N.C. A&T has Third Consecutive Record for Research Funding

EAST GREENSBORO, N.C. (July 18, 2019) – Faculty researchers at North Carolina Agricultural and Technical State University earned $64.37 million in contracts and grants in 2018-19, school leaders revealed today.

A strong majority of the research awards come from the federal sector, are competitive in nature and support collaborative and innovative projects.

“Our continued growth as a high-research activity institution is a testament to the outstanding work of our faculty and researchers,” Chancellor Harold L. Martin Sr. said. “Their undying curiosity and innovative thinking continues to lead the way to solving some of the world’s most complex challenges.”

This year’s total means N.C. A&T continues to be one of the state’s three most productive public research campuses, along with UNC-Chapel Hill and North Carolina State.

Research projects contributing to this record year come from the university’s eight colleges and its Joint School of Nanoscience and Nanoengineering, including:

Mohd Anwar, Ph.D., College of Engineering. Anwar utilizes computational health research using Twitter to study the opioid epidemic. With more than 50,000 opioid-related overdose deaths estimated in 2017 in the United States, the opioid epidemic has emerged as a major health crisis. Anwar began collaborating with RTI experts Dr. Kevin Conway (RTI’s Survey Research Division) and Dr. Steven Cohen (RTI’s Division for Statistical and Data Sciences) last fall to study the extent to which social media data can be harnessed as an indicator of the opioid epidemic nationwide.

Manoj Jha, Ph.D., College of Engineering; Chyi Lyi (Kathleen) Liang, College of Agriculture and Environmental Sciences; Lyubov Kurkalova, Ph.D., College of Business and Economics; Greg Monty, College of Engineering; and Leila Hashemi Beni, Ph.D., College of Science and Technology. The team received a $750,000 National Science Foundation Dynamics of Coupled Natural and Human Systems grant to explore factors that contribute to improving food accessibility, while maximizing agricultural production and minimizing negative environmental impacts on the land and water used in food production.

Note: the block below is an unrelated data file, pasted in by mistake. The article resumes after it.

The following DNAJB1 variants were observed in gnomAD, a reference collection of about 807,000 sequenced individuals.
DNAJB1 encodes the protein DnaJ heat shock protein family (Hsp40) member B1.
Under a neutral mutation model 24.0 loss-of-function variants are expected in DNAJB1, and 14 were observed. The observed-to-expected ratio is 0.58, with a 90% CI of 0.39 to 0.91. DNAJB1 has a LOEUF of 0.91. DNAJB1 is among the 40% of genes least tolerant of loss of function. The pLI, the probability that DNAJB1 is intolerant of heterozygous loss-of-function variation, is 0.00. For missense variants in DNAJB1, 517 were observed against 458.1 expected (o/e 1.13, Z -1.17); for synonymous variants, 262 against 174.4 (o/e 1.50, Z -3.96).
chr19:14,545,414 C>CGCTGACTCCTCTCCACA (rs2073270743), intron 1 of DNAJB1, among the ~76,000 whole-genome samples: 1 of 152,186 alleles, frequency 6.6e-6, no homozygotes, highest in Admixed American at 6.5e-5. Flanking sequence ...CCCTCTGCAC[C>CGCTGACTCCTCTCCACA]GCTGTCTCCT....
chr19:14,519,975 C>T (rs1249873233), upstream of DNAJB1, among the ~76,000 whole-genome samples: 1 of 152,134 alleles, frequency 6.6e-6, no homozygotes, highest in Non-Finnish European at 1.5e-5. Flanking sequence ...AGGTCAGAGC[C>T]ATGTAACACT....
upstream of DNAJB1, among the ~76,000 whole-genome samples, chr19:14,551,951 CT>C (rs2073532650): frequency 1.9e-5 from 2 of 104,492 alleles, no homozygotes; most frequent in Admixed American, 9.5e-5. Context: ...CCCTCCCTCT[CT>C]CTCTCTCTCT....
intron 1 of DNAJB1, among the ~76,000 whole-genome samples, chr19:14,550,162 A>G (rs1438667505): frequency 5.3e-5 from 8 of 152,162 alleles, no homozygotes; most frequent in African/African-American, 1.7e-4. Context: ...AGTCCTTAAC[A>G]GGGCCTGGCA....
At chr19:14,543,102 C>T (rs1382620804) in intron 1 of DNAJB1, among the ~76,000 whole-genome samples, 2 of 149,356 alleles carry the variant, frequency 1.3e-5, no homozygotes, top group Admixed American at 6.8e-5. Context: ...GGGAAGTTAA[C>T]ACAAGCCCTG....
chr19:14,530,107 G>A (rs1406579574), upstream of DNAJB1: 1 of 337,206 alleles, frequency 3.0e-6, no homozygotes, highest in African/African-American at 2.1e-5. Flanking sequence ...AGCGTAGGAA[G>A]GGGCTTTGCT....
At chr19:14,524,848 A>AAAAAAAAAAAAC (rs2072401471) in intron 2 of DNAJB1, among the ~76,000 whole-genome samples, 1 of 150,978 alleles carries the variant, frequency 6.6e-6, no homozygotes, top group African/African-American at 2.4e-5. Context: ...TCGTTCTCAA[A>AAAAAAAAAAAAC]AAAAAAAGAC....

Ali Karimoddini, Ph.D., College of Engineering. Karimoddini has begun a project with the North Carolina Department of Transportation called “Developing a Safe and Cost-effective Flight Control Methodology for a UAV-enabled Bridge Inspection.” A&T is a national leader in its autonomy capabilities and infrastructure for control of drones. Two UAV laboratories exist on campus, run by Karimoddini and his colleagues. Both laboratories contain designated flight zones as well as ample floor space for rovers and other robotics exercises.

Robert Newman , Ph.D., College of Science and Technology. Newman was recently awarded $1.4 million from the National Institutes of Health’s National Institute of General Medicine to investigate the biochemical mechanisms underlying oxidation-induced shifts in protein kinase substrate selection and to begin to explore the functional consequences of redox modification on kinase-dependent signaling processes inside cells.

Andrea Ofori-Boadu, Ph.D., College of Science and Technology. Ofori-Boadu has received a CAREER award from NSF expected to total $559,991. The program is a foundation-wide activity that offers NSF's most prestigious awards in support of early-career faculty like Ofori-Boadu who have the potential to serve as academic role models in research and education and to lead advances in the missions of their organizations. With this NSF CAREER award, Ofori-Boadu will research professional identity development processes in emerging women AEC students towards informing educational and institutional transformations that strengthen women's persistence in becoming AEC professionals.

Alesia Ferguson, Ph.D., College of Science and Technology. Ferguson joins principal investigator Helena Solo-Gabriele, Ph.D., of the University of Miami in the research project Beach Exposure and Child Health Study. The project is funded by the Gulf of Mexico Research Institute, and N.C. A&T received $300,000 of the $1-million award to explore the effects of petroleum pollution and its impacts on children in the Gulf of Mexico following the Deepwater Horizon disaster in 2010.